Site of Presence Tuple

Presence information is shared by watchers 9 subscribing to tuples published by the presentities 3. The IDENT_KEY field is the prime field used for the subscription. Informally, this can be considered to be a location within the presence memory 1 and therefore is referred to herein as the site of the presence tuple. Since this field is opaque, it allows a presentity 3 to have many sites of presence information without an unauthorized watcher 9 being aware of it. This ability for opaqueness and multiple sites has many uses, which are detailed as follows:

Prevention of Spoofing of Presence Tuple by Malicious Publisher

To prevent malicious users from entering false information into the system that would falsely represent an entity's presence, the IDENT_KEY is created as a secret value by each presentity 3. As discussed above the presentity 3 creates this value by encoding its unique id with a random value. This creates a value that is very difficult for an attacker to guess.

Ensuring that a Tuple is from a Valid Publisher

Although an attacker will experience difficulty in trying to guess the IDENT_KEY value, a valid watcher 9 can confirm that a valid presentity 3 has created an IDENT_KEY by decoding it with the presentity's public key and observing the presentity's unique id within it.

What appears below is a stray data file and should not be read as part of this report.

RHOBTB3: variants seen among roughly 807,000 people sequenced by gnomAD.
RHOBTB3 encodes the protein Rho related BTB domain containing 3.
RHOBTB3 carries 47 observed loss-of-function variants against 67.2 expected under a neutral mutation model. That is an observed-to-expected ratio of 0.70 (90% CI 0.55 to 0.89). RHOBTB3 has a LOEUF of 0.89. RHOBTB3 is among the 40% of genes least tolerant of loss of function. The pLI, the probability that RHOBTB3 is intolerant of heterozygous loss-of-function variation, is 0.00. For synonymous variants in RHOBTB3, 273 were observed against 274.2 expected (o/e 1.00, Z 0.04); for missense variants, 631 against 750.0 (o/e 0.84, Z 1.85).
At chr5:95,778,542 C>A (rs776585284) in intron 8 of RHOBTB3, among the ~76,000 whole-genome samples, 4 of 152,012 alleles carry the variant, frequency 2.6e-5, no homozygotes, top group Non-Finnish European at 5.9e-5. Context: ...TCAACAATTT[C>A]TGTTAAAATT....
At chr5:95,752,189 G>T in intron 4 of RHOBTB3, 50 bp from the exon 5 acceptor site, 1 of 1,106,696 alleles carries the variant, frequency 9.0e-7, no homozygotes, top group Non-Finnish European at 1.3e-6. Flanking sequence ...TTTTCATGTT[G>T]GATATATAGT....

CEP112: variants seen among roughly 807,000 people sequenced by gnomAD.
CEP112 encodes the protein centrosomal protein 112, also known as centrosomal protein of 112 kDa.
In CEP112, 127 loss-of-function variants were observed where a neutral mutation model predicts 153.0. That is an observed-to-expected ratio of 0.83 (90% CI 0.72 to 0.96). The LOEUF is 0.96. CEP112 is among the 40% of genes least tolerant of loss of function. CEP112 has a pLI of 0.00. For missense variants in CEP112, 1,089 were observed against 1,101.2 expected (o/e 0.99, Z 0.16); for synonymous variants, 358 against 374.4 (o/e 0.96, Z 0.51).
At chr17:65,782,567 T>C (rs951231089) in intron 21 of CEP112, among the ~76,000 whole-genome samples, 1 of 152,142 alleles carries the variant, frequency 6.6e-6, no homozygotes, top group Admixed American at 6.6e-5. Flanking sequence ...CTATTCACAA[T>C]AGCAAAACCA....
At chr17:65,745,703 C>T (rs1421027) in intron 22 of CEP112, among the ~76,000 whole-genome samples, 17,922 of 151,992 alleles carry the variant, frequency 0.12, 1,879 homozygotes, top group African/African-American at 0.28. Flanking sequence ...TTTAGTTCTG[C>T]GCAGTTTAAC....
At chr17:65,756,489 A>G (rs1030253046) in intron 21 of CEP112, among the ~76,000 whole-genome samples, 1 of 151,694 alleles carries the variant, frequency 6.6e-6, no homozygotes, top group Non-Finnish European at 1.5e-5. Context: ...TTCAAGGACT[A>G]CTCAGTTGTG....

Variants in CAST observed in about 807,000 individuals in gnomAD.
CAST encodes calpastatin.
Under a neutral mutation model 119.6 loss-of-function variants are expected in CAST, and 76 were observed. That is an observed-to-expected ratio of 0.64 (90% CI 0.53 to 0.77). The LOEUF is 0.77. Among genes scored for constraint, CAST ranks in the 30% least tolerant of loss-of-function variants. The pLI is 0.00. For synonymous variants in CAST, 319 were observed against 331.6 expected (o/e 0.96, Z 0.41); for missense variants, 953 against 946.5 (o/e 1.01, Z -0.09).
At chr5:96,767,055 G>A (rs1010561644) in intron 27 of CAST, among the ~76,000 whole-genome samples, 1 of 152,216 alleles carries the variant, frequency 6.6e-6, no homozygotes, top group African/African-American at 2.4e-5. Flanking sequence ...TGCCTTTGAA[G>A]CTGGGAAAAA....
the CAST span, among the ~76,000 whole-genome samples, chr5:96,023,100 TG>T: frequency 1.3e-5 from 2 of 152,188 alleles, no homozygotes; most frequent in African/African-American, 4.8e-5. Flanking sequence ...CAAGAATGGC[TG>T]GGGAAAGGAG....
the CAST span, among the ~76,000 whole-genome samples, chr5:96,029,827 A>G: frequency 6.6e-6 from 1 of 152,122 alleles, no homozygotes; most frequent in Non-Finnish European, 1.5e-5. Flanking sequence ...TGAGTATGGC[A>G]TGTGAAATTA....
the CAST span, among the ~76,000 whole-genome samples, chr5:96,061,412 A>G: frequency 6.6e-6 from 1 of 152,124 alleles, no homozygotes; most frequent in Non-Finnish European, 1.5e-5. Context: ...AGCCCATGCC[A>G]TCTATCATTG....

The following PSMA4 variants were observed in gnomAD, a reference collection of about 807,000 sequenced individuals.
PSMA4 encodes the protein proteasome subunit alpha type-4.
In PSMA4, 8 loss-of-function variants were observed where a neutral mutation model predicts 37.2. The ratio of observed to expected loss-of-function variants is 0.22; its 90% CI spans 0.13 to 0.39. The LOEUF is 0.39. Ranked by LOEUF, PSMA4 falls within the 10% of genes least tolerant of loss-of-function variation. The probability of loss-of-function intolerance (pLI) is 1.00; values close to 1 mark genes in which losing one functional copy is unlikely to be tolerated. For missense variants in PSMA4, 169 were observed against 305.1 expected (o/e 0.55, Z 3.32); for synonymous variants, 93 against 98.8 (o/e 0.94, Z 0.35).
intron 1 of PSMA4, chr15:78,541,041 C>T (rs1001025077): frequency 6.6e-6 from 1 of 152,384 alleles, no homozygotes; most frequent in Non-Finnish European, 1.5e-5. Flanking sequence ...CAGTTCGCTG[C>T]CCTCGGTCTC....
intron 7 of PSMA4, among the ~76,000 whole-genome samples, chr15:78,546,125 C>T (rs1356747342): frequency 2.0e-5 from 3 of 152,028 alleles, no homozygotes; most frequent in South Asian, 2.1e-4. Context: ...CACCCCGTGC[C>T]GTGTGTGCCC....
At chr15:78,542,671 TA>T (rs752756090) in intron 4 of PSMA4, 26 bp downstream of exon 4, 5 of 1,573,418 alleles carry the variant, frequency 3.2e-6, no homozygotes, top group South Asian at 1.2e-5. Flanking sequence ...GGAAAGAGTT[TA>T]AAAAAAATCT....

Spoofing Presence to Deter Malicious and Undesired Watchers

The creation of an opaque site for the presence tuple also permits identification of malicious and undesired watchers by the creation of spoofing presence tuples. An example is when a subscription request arrives from an entity that a presentity 3 does not wish to have observe its presence. Circumstances may be such that a refusal to supply presence information would be impolite or politically unwise. In such a circumstance, the presentity 3 creates a spoofing site in which it can place false presence information. The presence negotiation is carried out normally as set forth above except that the undesired watcher 9 is provided with a site in which the presentity 3 can place false information that could appear to be reasonable.